Yet the verdict has other lessons for those involved in IP.  The original verdict against Samsung was for $399 Million.  Samsung appealed that all the way up to the Supreme Court – and was victorious there – only to return a second time to trial and be hit with a  verdict a third higher!  Samsung may have had good reason to appeal anyway, but the result highlights the need for caution and strategic thinking – Samsung may well now regret appealing and winning.

The verdict leaves the law of design patent damages murky.  In contrast to utility patents, for design patents the Patent Act allows the plaintiff to recover the infringing defendant’s profits gained from sale of any “article of manufacture” on which the design is used.  35 U.S.C. 289.    What if the design patent covers only a component of a total item that was sold?  The Supreme Court sided with Samsung and held that the profits might only be for a component portion.  But it failed to provide any standards as to how to determine what the “article of manufacture” is in any particular case, leaving it to the lower courts to work out.  The jury apparently decided that Samsung was on the hook for the entire profits.

Determining the “profits” to be awarded in a design patent case remains unpredictable, especially since in some cases it will be left up to the jury to determine how much of the item’s profits are awardable.  This tilts the playing field in any settlement negotiation in favor of design patent owners and away from accused infringers.

LVMH’s Kenzo Sued by Levi Strauss Raises Issues of When There Is Confusion

A recent trademark suit brought by Levi Strauss against Paris luxury house Kenzo raises interesting questions of trademark infringement and when use of a product design may infringe upon another’s design trademark.

On March 20, 2018 Paris luxury house Kenzo, owned by LVMH, introduced a new line of jeans, shorts, and overalls named the Kenzo Britney Spear line.  This line bears a pocket-tab with the word KENZO.  Shortly thereafter, Kenzo was sued for trademark infringement by the famous jeans maker Levi Strauss. Levi Strauss’ core claim is that it owns trademark rights in a pocket-tab design, and Kenzo is infringing those rights by selling apparel items that have a very similar tab. 

Supreme Court IPR Decisions Present Strategic Challenges to Patent Owners and Accused Infringers

The Supreme Court issued two significant decisions on the same day, both of which concern Inter Partes Reviews (IPRs), the administrative procedure to challenge patent validity.  Since their creation, IPRs have been a potent tool for those accused of patent infringement to challenge patent validity while avoiding the expense and burden of district court litigation.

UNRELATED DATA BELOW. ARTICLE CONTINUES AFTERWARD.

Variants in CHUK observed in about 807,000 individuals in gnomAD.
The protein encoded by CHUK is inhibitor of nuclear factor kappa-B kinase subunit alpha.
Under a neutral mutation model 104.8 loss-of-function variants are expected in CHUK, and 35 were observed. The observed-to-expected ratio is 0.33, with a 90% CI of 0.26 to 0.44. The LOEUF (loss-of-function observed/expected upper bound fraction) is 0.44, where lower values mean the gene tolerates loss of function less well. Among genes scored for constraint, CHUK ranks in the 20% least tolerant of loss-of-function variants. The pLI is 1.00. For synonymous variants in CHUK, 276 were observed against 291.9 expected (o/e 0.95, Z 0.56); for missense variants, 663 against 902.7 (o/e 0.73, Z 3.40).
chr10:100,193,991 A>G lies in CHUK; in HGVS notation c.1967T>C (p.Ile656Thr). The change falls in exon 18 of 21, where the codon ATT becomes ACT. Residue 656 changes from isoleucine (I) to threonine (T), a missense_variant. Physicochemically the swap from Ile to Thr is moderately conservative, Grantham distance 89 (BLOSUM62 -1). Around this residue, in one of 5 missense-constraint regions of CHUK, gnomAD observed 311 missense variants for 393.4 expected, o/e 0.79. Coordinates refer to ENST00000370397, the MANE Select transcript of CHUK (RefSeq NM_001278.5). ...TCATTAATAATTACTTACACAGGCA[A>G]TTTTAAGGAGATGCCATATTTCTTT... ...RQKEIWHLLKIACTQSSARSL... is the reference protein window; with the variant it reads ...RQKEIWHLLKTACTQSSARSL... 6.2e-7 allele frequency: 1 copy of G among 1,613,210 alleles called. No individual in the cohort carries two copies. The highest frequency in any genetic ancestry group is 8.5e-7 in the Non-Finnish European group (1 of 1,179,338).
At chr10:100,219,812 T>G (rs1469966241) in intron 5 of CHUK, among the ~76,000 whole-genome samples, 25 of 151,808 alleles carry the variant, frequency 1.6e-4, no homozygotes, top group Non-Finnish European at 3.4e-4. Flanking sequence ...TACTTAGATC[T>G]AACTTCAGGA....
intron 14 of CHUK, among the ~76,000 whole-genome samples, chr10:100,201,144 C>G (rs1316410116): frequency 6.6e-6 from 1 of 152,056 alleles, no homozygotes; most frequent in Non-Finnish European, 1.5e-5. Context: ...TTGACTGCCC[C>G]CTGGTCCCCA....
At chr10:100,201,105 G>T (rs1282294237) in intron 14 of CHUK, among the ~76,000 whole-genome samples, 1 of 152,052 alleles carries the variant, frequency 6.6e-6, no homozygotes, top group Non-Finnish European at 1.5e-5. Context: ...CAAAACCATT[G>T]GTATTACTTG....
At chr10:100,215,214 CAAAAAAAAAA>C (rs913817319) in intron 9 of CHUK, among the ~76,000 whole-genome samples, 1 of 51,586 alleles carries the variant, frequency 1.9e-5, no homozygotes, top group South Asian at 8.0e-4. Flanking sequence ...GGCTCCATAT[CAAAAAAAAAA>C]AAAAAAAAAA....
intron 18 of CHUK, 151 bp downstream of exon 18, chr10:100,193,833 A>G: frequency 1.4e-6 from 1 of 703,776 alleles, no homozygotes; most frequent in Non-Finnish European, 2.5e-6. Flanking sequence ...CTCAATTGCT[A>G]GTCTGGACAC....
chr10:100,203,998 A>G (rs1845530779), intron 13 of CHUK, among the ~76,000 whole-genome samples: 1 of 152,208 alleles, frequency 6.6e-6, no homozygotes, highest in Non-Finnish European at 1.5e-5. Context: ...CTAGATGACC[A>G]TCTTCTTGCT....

In Oil States Energy Services v. Greene’s Energy Group, the Court rejected a constitutional challenge to the IPR regime, finding that because patents are public rights, Congress may allow them to be reviewed and invalidated by a non-court proceeding. 

 In SAS Institute v. Iancu, the Court held that once an IPR is instituted, the PTO must issue a decision as to all patent claims that are challenged – it cannot decide to pass on some claims and avoid others. 

 Both cases will have an important impact on patent litigation practice.

 Oil States means that IPRs will continue to be a significant, and often effective, tool in patent disputes. 

 SAS Institute will impact how parties petitioning for IPRs should structure their petitions.  Before SAS Institute, a part could petition for review of all claims in a patent, and rely on the PTAB to initiate the procedure only on the most promising claims.  But the decision in SAS Institute requires careful strategic thinking to determine whether to challenge all or just some of the claims in a patent.

Trademark Use Enjoys Broad First Amendment Protection

A recent Second Circuit decision, Wandering Dago, Inc. v. Destito (2018) confirms that trademark owners enjoy broad First Amendment rights in their trademarks, and that government actors may not discriminate against them based on the message and viewpoint conveyed by the mark. 

This is a further extension of the Supreme Court’s decision last year in Matal v. Tam (2017), which held that the Lanham Act’s bar on registration of disparaging marks in unconstitutional.

Wandering Dago is an incorporated business operating a food truck in and near Albany, New York.  Its owners purposely chose as part of its brand what many regard as an ethnic slur, as they themselves are of Italian heritage and wish to weaken the derogatory force of the term, as well as convey a blue-collar image.